Ghost of the Schutztruppe
Media outlets in Namibia are reporting that last week, a cache of old firearms was found buried on the sports field at Tsumeb Gymnasium in the Otjikoto region. The guns were unearthed by telecom workers while digging trenches to lay cable.
While the first thing you would think is that they are holdovers from the South African border wars that spanned much of the Cold War.
However, there are no SKSs, AKs, PPShs, or Mosins– you know, all the stuff you would expect to see in a SWAPO arms cache as supplied by the MPLA via Cuba and the Soviet Union in the 1970s and 80s.
It turns out, the pile included a bunch of old Mausers including 98s and Gewehr 88/05s, as well as at least one sword, some double-barrel shotguns and drilling style rifles, and an M1879 Reichsrevolver.
Turns out, it looks like they belonged to at least a company-sized unit of German Schutztruppe made up of local Askari and Ruga Ruga militia along with possibly some groups of Afrikaner volunteers dating to June-July 1915 back when Namibia was the colony of Deutsch-Südwestafrika.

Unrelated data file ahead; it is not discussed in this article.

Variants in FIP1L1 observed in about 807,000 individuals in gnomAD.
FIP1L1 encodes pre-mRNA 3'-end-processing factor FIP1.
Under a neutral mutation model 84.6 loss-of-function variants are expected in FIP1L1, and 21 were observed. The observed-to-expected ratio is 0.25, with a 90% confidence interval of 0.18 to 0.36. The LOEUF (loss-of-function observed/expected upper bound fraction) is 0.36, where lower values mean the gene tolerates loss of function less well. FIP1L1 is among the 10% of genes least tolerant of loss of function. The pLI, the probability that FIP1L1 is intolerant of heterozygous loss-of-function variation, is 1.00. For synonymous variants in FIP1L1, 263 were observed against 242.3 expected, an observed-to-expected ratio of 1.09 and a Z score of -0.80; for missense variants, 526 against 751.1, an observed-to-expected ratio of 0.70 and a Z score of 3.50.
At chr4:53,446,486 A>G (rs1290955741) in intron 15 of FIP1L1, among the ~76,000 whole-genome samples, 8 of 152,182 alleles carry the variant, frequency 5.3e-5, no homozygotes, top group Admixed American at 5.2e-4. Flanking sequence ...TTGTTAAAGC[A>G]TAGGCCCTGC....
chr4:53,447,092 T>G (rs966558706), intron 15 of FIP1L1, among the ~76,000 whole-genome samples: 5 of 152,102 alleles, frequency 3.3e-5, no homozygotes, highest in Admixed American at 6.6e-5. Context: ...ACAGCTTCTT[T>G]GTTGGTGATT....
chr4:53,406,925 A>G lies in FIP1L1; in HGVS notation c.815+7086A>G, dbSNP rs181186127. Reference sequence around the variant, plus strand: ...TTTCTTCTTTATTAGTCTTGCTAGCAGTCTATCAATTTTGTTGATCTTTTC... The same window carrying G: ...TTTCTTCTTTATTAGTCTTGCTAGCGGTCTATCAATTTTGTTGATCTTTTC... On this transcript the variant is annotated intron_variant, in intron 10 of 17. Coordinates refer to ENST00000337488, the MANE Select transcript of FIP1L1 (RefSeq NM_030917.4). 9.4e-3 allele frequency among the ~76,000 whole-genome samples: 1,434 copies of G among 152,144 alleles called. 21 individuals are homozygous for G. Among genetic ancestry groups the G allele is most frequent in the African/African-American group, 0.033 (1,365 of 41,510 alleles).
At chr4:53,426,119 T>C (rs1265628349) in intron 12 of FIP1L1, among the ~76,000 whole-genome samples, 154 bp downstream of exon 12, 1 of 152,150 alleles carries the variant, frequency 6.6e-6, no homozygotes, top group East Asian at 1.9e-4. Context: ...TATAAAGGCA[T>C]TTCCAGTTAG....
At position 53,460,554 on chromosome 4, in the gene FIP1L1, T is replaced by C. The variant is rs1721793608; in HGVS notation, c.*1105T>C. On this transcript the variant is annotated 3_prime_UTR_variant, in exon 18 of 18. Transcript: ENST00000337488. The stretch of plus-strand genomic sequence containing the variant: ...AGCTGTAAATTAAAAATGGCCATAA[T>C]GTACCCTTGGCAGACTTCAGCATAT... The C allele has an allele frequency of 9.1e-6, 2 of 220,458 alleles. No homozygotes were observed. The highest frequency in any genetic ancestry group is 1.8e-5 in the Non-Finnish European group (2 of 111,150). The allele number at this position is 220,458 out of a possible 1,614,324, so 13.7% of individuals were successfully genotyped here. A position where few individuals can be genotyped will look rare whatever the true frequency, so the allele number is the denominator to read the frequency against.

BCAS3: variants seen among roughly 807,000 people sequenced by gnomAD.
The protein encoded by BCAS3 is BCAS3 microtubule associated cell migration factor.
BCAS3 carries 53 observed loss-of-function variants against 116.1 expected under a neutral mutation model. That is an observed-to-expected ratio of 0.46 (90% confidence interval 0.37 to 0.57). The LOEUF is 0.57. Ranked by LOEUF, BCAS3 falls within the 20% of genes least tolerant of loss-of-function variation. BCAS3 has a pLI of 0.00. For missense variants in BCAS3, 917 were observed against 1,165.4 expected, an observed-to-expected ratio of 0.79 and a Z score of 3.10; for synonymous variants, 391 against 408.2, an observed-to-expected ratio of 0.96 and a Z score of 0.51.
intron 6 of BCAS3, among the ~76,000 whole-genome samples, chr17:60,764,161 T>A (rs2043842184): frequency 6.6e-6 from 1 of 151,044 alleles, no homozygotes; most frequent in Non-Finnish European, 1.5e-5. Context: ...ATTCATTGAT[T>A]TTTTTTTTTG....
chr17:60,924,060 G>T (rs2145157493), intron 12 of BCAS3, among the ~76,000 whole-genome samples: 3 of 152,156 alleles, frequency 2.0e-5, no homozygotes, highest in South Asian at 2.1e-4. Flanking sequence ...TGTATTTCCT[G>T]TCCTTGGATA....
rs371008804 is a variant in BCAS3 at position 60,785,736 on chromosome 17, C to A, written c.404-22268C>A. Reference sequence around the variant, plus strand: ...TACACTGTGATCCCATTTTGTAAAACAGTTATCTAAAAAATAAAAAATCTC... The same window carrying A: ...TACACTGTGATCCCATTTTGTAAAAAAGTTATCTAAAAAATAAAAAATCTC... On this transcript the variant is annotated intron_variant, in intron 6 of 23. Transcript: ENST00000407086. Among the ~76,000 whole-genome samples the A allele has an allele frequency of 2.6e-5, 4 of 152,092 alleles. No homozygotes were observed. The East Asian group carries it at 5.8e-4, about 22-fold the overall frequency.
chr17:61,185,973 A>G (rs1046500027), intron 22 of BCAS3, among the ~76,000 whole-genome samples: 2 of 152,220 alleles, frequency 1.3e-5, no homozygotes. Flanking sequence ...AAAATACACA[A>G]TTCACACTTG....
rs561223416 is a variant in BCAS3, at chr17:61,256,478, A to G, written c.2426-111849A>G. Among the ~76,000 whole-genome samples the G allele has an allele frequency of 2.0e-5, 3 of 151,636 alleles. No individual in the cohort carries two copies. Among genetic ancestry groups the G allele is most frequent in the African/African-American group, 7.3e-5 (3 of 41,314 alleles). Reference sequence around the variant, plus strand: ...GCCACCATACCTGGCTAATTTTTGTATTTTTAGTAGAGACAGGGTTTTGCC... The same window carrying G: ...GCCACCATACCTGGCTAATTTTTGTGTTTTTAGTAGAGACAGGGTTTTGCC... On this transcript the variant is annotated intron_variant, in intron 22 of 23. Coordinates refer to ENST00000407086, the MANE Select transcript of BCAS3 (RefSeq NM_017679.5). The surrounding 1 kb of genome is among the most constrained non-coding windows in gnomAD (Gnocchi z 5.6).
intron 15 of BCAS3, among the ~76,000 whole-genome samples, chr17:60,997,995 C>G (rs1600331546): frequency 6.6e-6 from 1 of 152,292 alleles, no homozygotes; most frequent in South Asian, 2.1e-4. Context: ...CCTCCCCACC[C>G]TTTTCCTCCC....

The force apparently stashed their arms before either surrendering or melting back to the veldt as the South African/Portuguese forces under Jan Smuts poured in and captured the colony.
Anecdotally, besides the old arms cache, there is still a very large German presence in Namibia even after a century. Some 30,000 pensioners live there from Germany proper and many descendants of old Askaris– and those brutalized by the Kaiser’s administrators in what is known today as the Herero and Namaqua genocide– still receive payouts while in many areas German is still spoken conversationally. About half the population that is Christian is Lutheran.
Kinda like the whole Quebec thing.
This brings me to the footnote, attributed to circa 1964, that saw West German veteran affairs folks head to South African-administered Suidwes-Afrika to set up such payments. As former Askari often had no means to prove their service to Berlin, they were asked to drill with a broomstick and, as the story goes, those who had learned their manual of arms from strict Prussian NCOs never forgot it.